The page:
Review: Kenny Barron & Dave Holland

Fred Grand finds the art of conversation alive and well in a set of standards and originals from the renowned pianist and bassist at the EFG London Jazz Festival

After the astonishing pyrotechnics of John McLaughlin's 4th Dimension yesterday evening, my next appointment at the 2014 EFG London Jazz Festival was with another celebrated Miles alumnus and British expat, Dave Holland. Surely one of the greatest bass virtuosos that the music has ever produced and a noted composer and bandleader to boot, Holland had flown in with pianist Kenny Barron for the last leg of a short European tour timed to promote their new album on the recently re-launched Impulse! label.

Before the main event it was the turn of a man who had flown even further than Holland and Barron to be in London. I have to admit that I knew very little of pianist Jeremy Monteiro before this show. Otherwise known as "Singapore’s King of Swing", he played a mixed bag of standards and originals. His trio included homegrown Calum Gourlay on bass and was augmented by singer Melissa Tham for three numbers. In truth the music was pretty average mainstream fare, providing a crashing come down after the highs of McLaughlin the previous evening.

Kenny Barron and Dave Holland by contrast surely need no introductions. They were born three years apart, with Holland at 68 the junior of the pair. Between them they’ve clocked up countless classic recording sessions, though for the most part they’ve moved in very different musical circles. Holland has for much of his career positioned himself a good deal further left of centre than Barron, though he did appear on Scratch (Enja), one of the pianist’s most enjoyable sets from the 80s. Their new album, The Art Of Conversation, has the same relaxed and swinging feel as Barron’s encounter with Charlie Haden (Night And The City, 1996), but I confess that I’d arrived at the QEH rather hoping that there’d be a few more more fireworks.

Opening with Barron’s Spiral, one of several pieces played during the course of the evening which doesn't feature on the album, the strong creative compatibility which has blossomed since the pair hooked up in 2012 was immediately apparent. Charlie Parker’s Segment really lit the blue touch-paper, with chorus after chorus of joyful invention released as the intrepid duo coaxed and cajoled each other to dig deep into their vast reserves. Even the announcement of Waltz For Wheeler, a dedication to the bassist’s long-time friend and collaborator the late Kenny Wheeler, drew a huge ovation. Ken’s music and comradeship clearly meant a lot to Holland, and the tribute was unmistakably heartfelt. Holland’s elegant and wistfully melancholic theme could easily become a staple fixture in his sets for many years to come, and as he spoke of Wheeler’s impact I couldn’t help but wonder if he’d have gone on to become quite the same skilful composer and arranger had their paths not crossed in the late 60s.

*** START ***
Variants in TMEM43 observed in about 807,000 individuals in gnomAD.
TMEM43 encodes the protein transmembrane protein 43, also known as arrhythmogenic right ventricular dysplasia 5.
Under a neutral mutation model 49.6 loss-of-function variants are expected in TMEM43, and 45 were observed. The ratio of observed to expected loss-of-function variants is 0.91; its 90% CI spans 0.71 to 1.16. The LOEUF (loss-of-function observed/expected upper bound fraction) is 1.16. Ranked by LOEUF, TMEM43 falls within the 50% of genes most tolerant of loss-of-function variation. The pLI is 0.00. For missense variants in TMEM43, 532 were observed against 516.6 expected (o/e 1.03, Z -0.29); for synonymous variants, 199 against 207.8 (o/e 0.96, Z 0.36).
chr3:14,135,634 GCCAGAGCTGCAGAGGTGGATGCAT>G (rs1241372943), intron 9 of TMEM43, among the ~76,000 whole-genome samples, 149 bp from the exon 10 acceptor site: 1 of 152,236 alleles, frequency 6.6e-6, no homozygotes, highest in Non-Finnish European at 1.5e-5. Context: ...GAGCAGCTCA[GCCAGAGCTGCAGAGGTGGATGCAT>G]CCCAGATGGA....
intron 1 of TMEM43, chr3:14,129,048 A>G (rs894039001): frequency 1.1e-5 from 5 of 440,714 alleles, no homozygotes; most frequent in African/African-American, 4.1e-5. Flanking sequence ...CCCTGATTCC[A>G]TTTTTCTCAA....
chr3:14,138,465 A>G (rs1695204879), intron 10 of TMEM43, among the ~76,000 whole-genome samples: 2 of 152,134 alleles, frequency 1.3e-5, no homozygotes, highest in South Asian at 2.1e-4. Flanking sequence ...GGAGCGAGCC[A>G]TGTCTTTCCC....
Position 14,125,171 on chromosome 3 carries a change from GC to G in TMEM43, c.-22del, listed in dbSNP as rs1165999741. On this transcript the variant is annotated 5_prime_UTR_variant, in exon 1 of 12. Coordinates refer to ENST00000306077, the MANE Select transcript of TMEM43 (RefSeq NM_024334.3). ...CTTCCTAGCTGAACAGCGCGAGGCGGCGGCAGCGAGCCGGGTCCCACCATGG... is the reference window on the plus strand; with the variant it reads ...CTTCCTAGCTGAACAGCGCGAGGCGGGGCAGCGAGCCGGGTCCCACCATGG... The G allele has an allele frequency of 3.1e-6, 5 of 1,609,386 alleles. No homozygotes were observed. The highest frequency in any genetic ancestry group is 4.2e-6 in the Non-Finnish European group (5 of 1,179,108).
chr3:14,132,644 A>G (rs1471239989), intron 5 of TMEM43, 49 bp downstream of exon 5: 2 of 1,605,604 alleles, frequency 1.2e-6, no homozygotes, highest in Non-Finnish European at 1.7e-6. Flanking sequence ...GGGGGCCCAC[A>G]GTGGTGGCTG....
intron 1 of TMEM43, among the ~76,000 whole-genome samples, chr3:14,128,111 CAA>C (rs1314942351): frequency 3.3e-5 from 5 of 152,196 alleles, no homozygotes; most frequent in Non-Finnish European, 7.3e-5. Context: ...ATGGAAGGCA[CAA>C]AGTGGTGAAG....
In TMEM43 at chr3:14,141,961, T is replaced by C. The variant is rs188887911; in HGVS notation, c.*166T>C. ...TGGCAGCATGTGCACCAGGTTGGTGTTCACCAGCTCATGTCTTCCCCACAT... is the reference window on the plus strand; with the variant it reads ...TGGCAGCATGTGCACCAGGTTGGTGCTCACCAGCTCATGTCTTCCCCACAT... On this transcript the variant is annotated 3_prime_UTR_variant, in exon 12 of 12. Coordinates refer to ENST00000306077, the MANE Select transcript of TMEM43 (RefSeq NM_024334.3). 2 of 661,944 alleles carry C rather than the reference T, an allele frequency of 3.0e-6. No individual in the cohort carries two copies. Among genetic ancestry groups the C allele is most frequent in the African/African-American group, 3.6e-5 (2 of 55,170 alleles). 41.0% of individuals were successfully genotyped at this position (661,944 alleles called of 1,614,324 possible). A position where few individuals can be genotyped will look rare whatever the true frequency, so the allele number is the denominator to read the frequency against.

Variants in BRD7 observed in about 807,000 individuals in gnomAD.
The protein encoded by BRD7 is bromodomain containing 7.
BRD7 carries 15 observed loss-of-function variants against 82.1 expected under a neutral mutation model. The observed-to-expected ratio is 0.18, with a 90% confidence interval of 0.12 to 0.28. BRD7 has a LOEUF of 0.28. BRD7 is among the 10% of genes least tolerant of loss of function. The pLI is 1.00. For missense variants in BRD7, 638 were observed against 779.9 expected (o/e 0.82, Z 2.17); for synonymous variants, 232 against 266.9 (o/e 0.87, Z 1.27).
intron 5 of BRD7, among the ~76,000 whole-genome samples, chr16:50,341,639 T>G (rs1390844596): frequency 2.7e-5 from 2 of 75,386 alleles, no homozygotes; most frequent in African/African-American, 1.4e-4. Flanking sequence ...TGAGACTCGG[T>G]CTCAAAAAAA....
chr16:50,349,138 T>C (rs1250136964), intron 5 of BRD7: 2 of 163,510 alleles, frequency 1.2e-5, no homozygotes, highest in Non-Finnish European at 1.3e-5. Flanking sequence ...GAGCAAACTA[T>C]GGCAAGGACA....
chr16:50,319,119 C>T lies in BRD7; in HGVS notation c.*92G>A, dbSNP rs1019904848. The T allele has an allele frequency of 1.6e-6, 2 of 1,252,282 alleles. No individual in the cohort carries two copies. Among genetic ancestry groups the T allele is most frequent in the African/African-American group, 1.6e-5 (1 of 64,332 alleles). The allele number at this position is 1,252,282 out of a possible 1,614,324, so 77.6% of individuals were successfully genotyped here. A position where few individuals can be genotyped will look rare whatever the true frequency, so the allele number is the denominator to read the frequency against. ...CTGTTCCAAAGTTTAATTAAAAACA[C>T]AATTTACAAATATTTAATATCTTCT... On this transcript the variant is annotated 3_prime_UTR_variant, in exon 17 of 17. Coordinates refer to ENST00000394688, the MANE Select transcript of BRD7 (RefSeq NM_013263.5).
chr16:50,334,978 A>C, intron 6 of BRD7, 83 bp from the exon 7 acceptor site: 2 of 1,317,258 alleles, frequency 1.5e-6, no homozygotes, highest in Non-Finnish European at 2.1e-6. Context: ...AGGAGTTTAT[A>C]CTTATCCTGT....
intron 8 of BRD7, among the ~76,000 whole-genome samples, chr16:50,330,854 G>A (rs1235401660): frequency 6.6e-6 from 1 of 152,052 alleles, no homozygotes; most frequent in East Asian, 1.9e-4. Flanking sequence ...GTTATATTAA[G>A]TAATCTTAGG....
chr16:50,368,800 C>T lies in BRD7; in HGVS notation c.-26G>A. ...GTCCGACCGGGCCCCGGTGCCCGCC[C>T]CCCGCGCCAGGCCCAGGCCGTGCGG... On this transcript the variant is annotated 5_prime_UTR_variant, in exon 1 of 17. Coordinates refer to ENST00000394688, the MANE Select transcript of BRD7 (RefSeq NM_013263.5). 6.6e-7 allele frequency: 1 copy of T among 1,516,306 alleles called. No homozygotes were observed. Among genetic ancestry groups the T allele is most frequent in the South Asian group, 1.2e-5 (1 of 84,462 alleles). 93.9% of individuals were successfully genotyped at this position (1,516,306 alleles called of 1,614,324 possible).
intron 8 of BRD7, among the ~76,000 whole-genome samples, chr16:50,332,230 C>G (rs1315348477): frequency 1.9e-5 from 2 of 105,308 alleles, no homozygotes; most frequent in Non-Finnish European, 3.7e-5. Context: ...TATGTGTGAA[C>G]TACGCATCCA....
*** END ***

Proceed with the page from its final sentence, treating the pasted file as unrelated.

Barron introduced his composition Calypso, recounting a formative moment in his own career when he arrived in Brooklyn from Philadelphia and began his professional life as a musician working with a group from the West Indies. It was a colourful and vibrant vehicle for improvisation, Holland taking significant licence with the changes and really pushing the boundaries. Another Barron composition, the pensive and impressionistic Rain, struck an appropriate chord on a damp London evening. But the best was saved for last as Holland dusted off his grooving dedication to Ed Blackwell, Pass It On. Beginning with a free-ranging solo that could have come from almost any point in his career, this was spontaneous creation at its most exhilarating. The ever soulful Barron dug deeply into the blues, nailing Holland's tricky theme with perfectly placed accents, and as the crowd rose to their feet it was clear that the duo wouldn’t be leaving without at least one encore.

Given Barron’s lifelong fascination with Monk it was more than a little surprising that they’d managed to steer clear of the music of "the only one" for so long. This rather conspicuous imbalance was redressed with a thrilling romp through In Walked Bud, and like all of the best conversations there was a rapid fire exchange of view and lots of active listening as they traded lines. It had been a real privilege to hear a rarely heard side of Holland in such a relaxed and exposed setting. His virtuosic playing inevitably drew the loudest applause of the evening, and on numerous occasions his cues and interjections shaped the direction and flow of the music. Yet Barron’s understated class and unerring taste should never be taken for granted, and in their capable hands the increasingly rare art of conversation was most certainly alive and well.

Photography: John Watson

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